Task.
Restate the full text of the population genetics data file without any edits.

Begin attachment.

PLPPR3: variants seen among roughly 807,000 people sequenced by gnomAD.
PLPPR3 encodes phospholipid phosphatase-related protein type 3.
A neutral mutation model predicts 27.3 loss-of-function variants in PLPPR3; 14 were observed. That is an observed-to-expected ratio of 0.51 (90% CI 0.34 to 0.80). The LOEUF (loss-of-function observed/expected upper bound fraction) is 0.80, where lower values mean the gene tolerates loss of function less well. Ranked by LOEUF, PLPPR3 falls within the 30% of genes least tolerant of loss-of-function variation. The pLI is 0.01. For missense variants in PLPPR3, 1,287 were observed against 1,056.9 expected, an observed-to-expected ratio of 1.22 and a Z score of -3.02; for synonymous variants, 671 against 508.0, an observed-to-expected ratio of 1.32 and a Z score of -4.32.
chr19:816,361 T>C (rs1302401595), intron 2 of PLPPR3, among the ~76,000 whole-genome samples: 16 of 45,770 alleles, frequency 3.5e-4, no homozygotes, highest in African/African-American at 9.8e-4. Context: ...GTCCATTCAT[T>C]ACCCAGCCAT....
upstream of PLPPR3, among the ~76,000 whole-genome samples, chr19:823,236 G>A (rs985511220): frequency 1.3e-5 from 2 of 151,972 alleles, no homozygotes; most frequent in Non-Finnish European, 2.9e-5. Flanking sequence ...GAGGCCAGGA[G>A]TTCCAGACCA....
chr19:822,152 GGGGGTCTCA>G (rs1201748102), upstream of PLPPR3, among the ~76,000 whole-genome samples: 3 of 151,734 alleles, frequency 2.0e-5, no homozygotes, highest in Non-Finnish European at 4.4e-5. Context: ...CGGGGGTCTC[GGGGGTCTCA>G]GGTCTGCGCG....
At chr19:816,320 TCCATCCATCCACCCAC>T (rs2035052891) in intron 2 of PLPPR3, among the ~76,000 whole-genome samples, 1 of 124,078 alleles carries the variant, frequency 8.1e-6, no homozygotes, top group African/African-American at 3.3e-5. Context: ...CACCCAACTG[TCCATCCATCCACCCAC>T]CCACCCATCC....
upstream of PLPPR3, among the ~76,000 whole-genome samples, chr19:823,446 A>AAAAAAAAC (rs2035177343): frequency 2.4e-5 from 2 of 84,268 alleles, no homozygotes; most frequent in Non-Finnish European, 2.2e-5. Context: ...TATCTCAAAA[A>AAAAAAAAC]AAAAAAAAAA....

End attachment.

PLPPR3: variants seen among roughly 807,000 people sequenced by gnomAD.
PLPPR3 encodes phospholipid phosphatase-related protein type 3.
A neutral mutation model predicts 27.3 loss-of-function variants in PLPPR3; 14 were observed. That is an observed-to-expected ratio of 0.51 (90% CI 0.34 to 0.80). The LOEUF (loss-of-function observed/expected upper bound fraction) is 0.80, where lower values mean the gene tolerates loss of function less well. Ranked by LOEUF, PLPPR3 falls within the 30% of genes least tolerant of loss-of-function variation. The pLI is 0.01. For missense variants in PLPPR3, 1,287 were observed against 1,056.9 expected, an observed-to-expected ratio of 1.22 and a Z score of -3.02; for synonymous variants, 671 against 508.0, an observed-to-expected ratio of 1.32 and a Z score of -4.32.
chr19:816,361 T>C (rs1302401595), intron 2 of PLPPR3, among the ~76,000 whole-genome samples: 16 of 45,770 alleles, frequency 3.5e-4, no homozygotes, highest in African/African-American at 9.8e-4. Context: ...GTCCATTCAT[T>C]ACCCAGCCAT....
upstream of PLPPR3, among the ~76,000 whole-genome samples, chr19:823,236 G>A (rs985511220): frequency 1.3e-5 from 2 of 151,972 alleles, no homozygotes; most frequent in Non-Finnish European, 2.9e-5. Flanking sequence ...GAGGCCAGGA[G>A]TTCCAGACCA....
chr19:822,152 GGGGGTCTCA>G (rs1201748102), upstream of PLPPR3, among the ~76,000 whole-genome samples: 3 of 151,734 alleles, frequency 2.0e-5, no homozygotes, highest in Non-Finnish European at 4.4e-5. Context: ...CGGGGGTCTC[GGGGGTCTCA>G]GGTCTGCGCG....
At chr19:816,320 TCCATCCATCCACCCAC>T (rs2035052891) in intron 2 of PLPPR3, among the ~76,000 whole-genome samples, 1 of 124,078 alleles carries the variant, frequency 8.1e-6, no homozygotes, top group African/African-American at 3.3e-5. Context: ...CACCCAACTG[TCCATCCATCCACCCAC>T]CCACCCATCC....
upstream of PLPPR3, among the ~76,000 whole-genome samples, chr19:823,446 A>AAAAAAAAC (rs2035177343): frequency 2.4e-5 from 2 of 84,268 alleles, no homozygotes; most frequent in Non-Finnish European, 2.2e-5. Context: ...TATCTCAAAA[A>AAAAAAAAC]AAAAAAAAAA....